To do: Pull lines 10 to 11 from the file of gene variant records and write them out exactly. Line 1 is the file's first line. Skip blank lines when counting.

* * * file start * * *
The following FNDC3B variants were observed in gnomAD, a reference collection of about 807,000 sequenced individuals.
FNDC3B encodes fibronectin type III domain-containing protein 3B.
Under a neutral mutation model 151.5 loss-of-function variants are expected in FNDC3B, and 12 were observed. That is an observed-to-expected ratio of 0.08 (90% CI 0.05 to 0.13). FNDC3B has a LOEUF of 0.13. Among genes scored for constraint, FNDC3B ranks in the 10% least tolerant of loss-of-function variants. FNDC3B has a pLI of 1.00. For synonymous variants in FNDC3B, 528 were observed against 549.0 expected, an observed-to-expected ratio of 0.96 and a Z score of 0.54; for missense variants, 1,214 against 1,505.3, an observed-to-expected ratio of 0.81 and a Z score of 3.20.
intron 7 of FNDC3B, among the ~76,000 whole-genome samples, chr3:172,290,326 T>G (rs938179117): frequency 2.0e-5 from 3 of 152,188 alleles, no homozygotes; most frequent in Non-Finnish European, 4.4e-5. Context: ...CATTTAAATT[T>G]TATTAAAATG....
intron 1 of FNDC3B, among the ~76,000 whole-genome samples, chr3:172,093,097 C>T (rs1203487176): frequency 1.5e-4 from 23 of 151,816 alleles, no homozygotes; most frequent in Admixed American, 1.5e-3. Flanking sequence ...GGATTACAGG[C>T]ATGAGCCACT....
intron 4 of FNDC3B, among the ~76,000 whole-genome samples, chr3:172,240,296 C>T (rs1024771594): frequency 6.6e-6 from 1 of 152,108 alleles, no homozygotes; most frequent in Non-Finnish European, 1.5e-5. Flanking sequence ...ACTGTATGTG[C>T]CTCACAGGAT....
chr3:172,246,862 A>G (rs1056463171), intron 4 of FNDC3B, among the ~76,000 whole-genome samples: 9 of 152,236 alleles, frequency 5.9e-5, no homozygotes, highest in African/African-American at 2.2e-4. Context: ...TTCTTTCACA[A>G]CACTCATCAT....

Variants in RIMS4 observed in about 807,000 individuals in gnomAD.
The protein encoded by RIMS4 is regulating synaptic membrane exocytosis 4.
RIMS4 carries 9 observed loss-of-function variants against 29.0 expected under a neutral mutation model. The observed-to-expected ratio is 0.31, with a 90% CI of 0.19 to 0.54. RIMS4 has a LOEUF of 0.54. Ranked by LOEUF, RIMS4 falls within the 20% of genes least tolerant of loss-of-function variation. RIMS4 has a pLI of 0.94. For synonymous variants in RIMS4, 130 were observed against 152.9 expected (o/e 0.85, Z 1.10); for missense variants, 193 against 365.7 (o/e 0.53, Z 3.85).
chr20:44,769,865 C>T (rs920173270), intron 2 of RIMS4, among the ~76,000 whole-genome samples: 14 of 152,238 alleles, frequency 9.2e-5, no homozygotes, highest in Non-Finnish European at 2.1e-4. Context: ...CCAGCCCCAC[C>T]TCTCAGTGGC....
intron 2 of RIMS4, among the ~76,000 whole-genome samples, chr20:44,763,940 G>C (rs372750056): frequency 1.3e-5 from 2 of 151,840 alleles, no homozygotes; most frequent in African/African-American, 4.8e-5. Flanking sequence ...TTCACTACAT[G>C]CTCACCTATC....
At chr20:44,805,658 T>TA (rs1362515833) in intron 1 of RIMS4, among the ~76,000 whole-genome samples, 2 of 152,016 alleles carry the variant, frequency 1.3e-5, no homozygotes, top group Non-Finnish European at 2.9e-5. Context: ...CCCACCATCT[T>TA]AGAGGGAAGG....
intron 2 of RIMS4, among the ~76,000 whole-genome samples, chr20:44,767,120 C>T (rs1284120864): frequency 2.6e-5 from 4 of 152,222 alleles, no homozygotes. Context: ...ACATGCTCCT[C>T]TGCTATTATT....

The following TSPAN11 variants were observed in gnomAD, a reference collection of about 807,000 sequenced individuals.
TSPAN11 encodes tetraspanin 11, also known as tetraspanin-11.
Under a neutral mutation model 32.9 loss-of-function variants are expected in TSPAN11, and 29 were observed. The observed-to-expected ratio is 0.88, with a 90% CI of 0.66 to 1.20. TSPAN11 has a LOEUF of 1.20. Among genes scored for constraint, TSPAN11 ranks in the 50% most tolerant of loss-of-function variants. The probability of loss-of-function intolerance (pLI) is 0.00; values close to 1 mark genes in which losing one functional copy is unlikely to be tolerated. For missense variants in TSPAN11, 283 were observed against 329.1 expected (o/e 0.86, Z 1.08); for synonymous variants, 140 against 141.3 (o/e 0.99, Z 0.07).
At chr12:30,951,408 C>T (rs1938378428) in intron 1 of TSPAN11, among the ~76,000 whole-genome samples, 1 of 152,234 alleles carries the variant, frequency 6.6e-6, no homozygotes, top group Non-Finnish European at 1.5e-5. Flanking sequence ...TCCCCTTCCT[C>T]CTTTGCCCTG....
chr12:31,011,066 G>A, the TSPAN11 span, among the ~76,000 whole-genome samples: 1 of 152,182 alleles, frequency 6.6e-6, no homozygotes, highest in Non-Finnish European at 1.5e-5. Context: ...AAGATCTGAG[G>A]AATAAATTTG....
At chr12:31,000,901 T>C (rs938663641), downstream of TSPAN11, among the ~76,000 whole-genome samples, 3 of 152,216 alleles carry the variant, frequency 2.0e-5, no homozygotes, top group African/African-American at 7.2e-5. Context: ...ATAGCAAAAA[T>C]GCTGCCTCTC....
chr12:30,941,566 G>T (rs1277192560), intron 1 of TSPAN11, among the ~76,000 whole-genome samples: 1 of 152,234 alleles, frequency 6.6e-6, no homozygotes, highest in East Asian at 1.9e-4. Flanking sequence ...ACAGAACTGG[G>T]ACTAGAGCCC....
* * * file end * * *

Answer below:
RIMS4 carries 9 observed loss-of-function variants against 29.0 expected under a neutral mutation model. The observed-to-expected ratio is 0.31, with a 90% CI of 0.19 to 0.54. RIMS4 has a LOEUF of 0.54. Ranked by LOEUF, RIMS4 falls within the 20% of genes least tolerant of loss-of-function variation. RIMS4 has a pLI of 0.94. For synonymous variants in RIMS4, 130 were observed against 152.9 expected (o/e 0.85, Z 1.10); for missense variants, 193 against 365.7 (o/e 0.53, Z 3.85).
chr20:44,769,865 C>T (rs920173270), intron 2 of RIMS4, among the ~76,000 whole-genome samples: 14 of 152,238 alleles, frequency 9.2e-5, no homozygotes, highest in Non-Finnish European at 2.1e-4. Context: ...CCAGCCCCAC[C>T]TCTCAGTGGC....